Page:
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GOP Unveils 2012 Budget Plan

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GOP Unveils 2012 Budget Plan

Politics

GOP Unveils 2012 Budget Plan

GOP Unveils 2012 Budget Plan

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House Budget Committee Chairman Paul Ryan unveils the GOP alternative to President Obama's fiscal 2012 budget plan. It includes sweeping changes in Medicare and Medicaid, plus new caps on discretionary spending. Democrats won't embrace it. But it does move the discussion onto "real money," or entitlements, and give the GOP a chance to lay out its priorities for putting U.S. fiscal affairs in order.

MELISSA BLOCK, Host:

NPR's Audie Cornish reports.

AUDIE CORNISH: House Majority Leader Eric Cantor.

ERIC CANTOR: We've always said that there's going to be three bites at the apple in the spending fight. The first was going to be the C.R. resolving the rest of this fiscal year. The next was going to be the budget, and the final would be the debt limit. But we've got two bites at that apple today.

CORNISH: So Republicans unveiled a 70-plus page blueprint for 2012 - filled with charts and graphs and bullet points. House Budget Committee chairman, Paul Ryan of Wisconsin, is the force behind the proposal.

PAUL RYAN: Now, let me walk you through some of the charts and some of the numbers. If you take a look at the screens on the side here, first of all, let's look at spending.

CORNISH: But core to the blueprint are proposals that would fundamentally change the structure of the health programs Medicare and Medicaid for people who are 55 years old and younger.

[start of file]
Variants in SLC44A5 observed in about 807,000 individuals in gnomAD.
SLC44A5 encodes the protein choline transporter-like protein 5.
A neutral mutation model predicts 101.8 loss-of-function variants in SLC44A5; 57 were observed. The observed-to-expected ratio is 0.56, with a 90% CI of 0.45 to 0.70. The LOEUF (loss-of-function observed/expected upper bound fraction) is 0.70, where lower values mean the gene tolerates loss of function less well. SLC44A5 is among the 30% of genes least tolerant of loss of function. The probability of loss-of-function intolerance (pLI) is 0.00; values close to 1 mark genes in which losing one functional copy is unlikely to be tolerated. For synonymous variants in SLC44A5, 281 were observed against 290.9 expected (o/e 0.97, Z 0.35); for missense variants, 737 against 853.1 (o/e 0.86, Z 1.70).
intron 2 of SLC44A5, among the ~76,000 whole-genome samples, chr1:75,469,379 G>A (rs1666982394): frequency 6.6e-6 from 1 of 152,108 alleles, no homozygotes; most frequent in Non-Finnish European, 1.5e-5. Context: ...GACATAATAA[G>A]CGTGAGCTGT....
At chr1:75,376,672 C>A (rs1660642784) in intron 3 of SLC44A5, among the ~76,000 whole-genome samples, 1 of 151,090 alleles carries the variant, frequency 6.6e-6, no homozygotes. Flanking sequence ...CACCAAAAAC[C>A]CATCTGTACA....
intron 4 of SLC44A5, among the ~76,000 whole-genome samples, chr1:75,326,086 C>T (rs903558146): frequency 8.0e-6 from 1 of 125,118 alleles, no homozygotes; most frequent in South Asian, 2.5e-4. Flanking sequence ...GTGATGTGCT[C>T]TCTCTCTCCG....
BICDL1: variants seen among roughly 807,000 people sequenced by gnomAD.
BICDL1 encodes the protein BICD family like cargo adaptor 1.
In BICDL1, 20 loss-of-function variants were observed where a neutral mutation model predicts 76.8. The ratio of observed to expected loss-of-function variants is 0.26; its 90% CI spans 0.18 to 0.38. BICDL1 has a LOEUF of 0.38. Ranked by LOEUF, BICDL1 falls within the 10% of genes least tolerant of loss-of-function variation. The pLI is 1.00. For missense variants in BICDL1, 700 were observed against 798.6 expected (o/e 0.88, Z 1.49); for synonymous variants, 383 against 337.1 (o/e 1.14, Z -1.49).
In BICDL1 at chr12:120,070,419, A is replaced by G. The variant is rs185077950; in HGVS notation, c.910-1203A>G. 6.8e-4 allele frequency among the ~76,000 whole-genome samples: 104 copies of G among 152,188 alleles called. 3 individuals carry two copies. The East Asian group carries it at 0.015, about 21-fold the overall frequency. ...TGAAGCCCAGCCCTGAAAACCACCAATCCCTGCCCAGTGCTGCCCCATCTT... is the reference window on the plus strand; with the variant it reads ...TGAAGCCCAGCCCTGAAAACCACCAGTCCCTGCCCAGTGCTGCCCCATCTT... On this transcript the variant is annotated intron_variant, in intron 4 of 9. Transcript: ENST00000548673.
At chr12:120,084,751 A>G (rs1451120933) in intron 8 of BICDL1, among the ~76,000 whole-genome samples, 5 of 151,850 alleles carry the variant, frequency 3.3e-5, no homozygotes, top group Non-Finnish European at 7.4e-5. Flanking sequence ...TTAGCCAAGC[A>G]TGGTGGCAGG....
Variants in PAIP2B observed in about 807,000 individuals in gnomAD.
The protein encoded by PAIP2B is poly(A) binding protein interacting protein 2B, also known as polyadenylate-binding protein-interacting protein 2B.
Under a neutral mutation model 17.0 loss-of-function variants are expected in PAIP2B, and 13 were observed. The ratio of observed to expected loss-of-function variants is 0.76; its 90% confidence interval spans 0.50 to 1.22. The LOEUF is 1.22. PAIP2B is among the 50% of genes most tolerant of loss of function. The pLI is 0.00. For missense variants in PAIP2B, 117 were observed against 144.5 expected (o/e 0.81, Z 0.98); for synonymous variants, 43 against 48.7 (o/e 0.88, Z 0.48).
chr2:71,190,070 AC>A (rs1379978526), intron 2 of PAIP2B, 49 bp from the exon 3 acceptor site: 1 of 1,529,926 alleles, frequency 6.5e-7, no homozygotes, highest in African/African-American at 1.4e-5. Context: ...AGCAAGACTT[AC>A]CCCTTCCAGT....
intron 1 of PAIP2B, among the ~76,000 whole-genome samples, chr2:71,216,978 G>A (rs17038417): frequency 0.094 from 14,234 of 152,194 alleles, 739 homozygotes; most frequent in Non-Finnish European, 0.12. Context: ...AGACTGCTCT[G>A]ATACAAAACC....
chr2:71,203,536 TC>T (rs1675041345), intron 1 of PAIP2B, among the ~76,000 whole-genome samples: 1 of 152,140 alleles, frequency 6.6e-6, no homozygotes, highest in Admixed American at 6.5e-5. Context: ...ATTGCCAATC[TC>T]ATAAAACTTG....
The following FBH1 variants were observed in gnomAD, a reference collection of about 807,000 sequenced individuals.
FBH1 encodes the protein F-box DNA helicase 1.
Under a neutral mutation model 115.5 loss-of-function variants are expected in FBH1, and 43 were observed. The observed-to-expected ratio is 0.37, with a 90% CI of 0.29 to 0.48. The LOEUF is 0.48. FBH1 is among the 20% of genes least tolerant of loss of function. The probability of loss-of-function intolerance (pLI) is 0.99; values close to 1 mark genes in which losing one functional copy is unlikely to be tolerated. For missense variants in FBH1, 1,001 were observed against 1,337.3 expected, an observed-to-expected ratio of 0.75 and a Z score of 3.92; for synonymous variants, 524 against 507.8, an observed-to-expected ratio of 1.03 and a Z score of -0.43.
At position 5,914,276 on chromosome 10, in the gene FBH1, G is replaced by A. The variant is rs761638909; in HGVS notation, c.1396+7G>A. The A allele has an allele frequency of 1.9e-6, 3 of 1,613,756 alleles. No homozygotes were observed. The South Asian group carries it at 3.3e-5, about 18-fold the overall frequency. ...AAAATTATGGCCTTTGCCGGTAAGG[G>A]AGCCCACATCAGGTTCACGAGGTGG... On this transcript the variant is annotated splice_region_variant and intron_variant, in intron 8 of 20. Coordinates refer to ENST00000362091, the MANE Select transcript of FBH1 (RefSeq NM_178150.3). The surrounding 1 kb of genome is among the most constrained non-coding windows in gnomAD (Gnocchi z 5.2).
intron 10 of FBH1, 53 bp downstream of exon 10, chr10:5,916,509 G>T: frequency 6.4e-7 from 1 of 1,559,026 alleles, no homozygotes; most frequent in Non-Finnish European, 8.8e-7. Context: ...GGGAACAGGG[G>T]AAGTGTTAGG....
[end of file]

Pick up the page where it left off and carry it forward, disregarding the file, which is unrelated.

RYAN: We believe in this country that we ought to have a social safety net. We believe that we ought to have a safety net to catch people from slipping through the cracks, to help people when they're down on their luck and to help people who cannot help themselves. Problem is our social safety net is fraying at the seems.

CORNISH: Another cornerstone of the proposal, cuts tax rates for corporations and wealthy individuals from 35 percent down to 25 percent. Overall, the Ryan plan cuts the deficit by $4.4 trillion over 10 years.

MAX BAUCUS: Of course, we have to lower our budget deficit.

CORNISH: Montana's Max Baucus is the top Democrat on the Senate's tax-writing committee.

BAUCUS: But, of course, we have to do it fairly, so all Americans are part of the solution. All Americans are part of the solution. So that health insurance companies are also part of the solution. So the most wealthy are also part of the solution. All Americans have to be part of the solution.

CORNISH: Audie Cornish, NPR News, the Capitol.

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